Text size

Prime Minister Ehud Olmert On Thursday filed a Supreme Court appeal against the decision to accept early testimony from U.S. businessman Morris Talansky in connection with the investigation against the prime minister.

An identical appeal was filed by Olmert's personal secretary, Shula Zaken.

"It is difficult to bear the thought that had the person in question been anyone other than the prime minister, it would not have occurred to the prosecution to seek early testimony from Talansky," Olmert's attorneys write in the appeal.

According to Olmert's lawyers, the investigation has yet to be concluded and it is still unclear what the exact allegations against Olmert are.

"The prosecution is willing to submit an unfounded request, devoid of an evidential support, while violating the petitioner's rights, for the sake of securing the testimony."

According to Olmert's attorneys, the prosecution is speaking with a forked tongue in its portrayal of Talansky. "On the one hand Talansky is portrayed as a suspect who might be tried for various legal violations that require testimony, while on the other hand no steps are being taken to restrict Talansky's movement and insure that he will show up for his trial, if and when he is indicted."

The state argued it wanted to hear Talansky's testimony without delay, "while he is still influenced by the initial shock of being interrogated as a suspect involved in criminal activities."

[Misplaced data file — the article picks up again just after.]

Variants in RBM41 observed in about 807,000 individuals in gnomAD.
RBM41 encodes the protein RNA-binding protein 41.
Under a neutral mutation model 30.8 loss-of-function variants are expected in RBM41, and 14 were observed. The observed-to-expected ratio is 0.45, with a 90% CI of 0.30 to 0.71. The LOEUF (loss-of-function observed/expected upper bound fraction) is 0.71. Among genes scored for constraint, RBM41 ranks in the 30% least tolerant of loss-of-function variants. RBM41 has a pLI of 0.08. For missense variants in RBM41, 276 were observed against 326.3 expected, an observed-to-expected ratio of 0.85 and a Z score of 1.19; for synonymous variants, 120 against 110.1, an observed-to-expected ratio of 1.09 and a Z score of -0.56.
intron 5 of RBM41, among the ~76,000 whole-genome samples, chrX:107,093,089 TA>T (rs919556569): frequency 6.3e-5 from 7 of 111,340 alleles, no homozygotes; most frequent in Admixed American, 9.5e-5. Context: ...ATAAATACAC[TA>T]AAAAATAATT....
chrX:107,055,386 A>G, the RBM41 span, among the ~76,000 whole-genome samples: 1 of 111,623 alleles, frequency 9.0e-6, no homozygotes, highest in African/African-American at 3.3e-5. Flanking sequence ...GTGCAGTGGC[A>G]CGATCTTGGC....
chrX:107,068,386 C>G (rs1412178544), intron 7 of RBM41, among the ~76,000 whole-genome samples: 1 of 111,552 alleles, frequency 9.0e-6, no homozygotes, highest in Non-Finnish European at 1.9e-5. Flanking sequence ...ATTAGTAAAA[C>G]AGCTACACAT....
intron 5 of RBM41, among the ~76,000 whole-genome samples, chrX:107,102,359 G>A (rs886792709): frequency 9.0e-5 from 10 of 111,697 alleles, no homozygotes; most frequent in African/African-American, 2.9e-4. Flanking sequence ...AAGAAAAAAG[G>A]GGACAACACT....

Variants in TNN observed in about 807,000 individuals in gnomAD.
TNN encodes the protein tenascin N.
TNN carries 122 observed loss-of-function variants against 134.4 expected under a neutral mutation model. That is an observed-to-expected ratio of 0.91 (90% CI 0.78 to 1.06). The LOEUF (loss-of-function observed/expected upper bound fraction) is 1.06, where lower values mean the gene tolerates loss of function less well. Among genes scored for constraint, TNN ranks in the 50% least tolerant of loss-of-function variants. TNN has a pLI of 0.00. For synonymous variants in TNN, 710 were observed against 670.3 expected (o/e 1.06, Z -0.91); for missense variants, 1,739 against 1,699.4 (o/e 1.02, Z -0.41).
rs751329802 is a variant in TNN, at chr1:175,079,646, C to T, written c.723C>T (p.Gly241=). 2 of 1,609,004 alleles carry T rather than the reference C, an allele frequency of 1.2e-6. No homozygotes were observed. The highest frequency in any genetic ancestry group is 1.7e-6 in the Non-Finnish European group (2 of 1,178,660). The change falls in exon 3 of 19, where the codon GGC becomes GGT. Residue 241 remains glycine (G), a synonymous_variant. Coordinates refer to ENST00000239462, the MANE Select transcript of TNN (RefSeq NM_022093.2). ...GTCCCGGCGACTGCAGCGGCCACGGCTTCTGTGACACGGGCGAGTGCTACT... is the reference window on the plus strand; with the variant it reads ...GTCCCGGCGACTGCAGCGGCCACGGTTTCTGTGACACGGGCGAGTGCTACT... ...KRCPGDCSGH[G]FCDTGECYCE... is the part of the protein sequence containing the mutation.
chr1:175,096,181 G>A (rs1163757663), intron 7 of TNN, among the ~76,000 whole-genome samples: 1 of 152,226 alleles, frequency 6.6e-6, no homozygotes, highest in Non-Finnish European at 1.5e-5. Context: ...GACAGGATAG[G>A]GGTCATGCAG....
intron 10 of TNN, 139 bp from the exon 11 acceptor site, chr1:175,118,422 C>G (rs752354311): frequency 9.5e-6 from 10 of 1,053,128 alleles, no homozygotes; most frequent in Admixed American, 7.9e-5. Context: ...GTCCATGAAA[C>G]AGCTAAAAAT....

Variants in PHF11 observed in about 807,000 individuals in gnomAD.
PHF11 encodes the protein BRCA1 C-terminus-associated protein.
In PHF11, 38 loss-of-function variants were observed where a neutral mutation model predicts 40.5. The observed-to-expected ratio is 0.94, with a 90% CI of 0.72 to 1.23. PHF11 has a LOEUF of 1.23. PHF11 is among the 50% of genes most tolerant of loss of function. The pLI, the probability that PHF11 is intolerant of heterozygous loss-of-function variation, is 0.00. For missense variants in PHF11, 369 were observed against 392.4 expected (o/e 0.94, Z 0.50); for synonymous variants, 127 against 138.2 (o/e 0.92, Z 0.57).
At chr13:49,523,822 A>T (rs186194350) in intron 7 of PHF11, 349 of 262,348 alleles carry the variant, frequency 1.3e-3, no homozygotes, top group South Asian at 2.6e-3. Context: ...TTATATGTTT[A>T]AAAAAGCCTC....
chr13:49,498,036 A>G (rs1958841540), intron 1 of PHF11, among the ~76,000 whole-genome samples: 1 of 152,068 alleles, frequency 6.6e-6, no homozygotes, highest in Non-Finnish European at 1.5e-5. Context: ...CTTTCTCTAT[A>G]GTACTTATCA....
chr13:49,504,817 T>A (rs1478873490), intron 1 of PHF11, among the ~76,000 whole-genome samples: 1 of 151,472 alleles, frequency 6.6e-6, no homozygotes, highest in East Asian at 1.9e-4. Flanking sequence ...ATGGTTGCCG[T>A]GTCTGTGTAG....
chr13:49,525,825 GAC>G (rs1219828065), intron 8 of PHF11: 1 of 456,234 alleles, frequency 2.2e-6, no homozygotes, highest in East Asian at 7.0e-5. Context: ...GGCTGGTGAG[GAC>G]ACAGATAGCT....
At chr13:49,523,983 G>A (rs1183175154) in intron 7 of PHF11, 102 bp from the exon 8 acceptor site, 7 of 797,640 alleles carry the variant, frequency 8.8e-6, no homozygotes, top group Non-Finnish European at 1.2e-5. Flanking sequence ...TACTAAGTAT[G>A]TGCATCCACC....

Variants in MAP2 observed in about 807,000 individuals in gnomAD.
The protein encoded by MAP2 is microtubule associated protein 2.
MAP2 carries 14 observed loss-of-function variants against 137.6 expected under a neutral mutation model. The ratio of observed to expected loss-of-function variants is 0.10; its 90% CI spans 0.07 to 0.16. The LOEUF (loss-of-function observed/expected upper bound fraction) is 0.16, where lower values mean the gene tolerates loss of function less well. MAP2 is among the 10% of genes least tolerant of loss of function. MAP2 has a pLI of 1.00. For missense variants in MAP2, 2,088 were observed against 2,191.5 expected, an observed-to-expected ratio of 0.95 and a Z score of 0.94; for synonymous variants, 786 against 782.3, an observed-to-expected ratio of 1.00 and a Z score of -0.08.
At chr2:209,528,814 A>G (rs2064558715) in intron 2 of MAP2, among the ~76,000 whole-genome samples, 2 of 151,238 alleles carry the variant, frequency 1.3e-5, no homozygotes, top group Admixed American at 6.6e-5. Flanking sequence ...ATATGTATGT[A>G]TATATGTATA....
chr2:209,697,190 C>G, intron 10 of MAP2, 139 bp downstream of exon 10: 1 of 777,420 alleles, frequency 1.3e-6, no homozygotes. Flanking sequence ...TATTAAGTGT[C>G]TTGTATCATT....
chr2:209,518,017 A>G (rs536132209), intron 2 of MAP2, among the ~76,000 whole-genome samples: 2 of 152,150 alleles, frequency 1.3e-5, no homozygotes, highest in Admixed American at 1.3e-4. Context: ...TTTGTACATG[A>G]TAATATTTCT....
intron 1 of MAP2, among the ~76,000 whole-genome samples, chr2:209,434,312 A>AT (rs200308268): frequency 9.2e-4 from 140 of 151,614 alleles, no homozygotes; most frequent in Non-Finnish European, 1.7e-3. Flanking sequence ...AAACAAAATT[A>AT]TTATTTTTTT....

Olmert's team alleges that the prosecution promised to allow Talansky to leave the country on or around May 21, demanding practically no collateral, and despite the fact that he is suspected of criminal offenses.

According to the lawyers, the injunction preventing Talansky, who was interrogated by police between April 29 and was released after he came up with the financial collateral, from leaving the country was only issued on May 5, a day after the request for his early testimony was submitted.

Under these circumstances, the attorneys say, there are two possibilities: The first being that despite the fact that Talansky is not really a suspect, he received the stats of one in order to facilitate his release while guaranteeing he will not flee the country. "In this way the prosecution will have Talanky at their mercy when he testifies," the defense wrote. The other possibility is although Talanksy truly is a suspect, the prosecution believes the restrictions against him are enough to guarantee he will attempt to evade justice. But in this case, "how is it possible that Talansky was presented before the district court as a man who is likely to refuse returning to Israel to give testimony while, when it comes to issuing restrictions against him, the prosecution believes that there is no fear that he will not return to Israel to stand trial for his actions?!"